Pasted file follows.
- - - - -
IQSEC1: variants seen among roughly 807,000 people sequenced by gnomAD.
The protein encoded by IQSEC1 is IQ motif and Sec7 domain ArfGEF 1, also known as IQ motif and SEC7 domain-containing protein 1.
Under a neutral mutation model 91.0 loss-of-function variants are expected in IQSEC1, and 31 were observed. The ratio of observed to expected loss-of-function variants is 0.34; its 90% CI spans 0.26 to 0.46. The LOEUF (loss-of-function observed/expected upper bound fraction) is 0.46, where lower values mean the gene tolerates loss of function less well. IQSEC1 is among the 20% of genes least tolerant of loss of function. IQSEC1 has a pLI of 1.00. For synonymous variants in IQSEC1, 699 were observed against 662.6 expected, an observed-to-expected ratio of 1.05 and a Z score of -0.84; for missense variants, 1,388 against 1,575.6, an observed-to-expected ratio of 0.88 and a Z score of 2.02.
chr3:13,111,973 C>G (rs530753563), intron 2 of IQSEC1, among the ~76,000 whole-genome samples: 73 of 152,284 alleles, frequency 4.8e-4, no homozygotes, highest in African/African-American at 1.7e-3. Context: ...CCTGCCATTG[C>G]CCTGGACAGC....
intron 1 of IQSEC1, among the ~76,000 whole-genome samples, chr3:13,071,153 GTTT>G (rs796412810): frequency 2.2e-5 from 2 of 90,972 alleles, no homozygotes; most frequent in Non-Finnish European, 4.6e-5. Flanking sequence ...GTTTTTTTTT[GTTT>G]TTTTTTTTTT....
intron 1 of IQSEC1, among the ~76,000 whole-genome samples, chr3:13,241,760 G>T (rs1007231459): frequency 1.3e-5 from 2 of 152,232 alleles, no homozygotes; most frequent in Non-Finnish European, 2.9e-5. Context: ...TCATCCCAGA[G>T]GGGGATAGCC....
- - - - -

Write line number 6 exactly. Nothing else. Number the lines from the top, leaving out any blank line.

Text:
intron 1 of IQSEC1, among the ~76,000 whole-genome samples, chr3:13,241,760 G>T (rs1007231459): frequency 1.3e-5 from 2 of 152,232 alleles, no homozygotes; most frequent in Non-Finnish European, 2.9e-5. Context: ...TCATCCCAGA[G>T]GGGGATAGCC....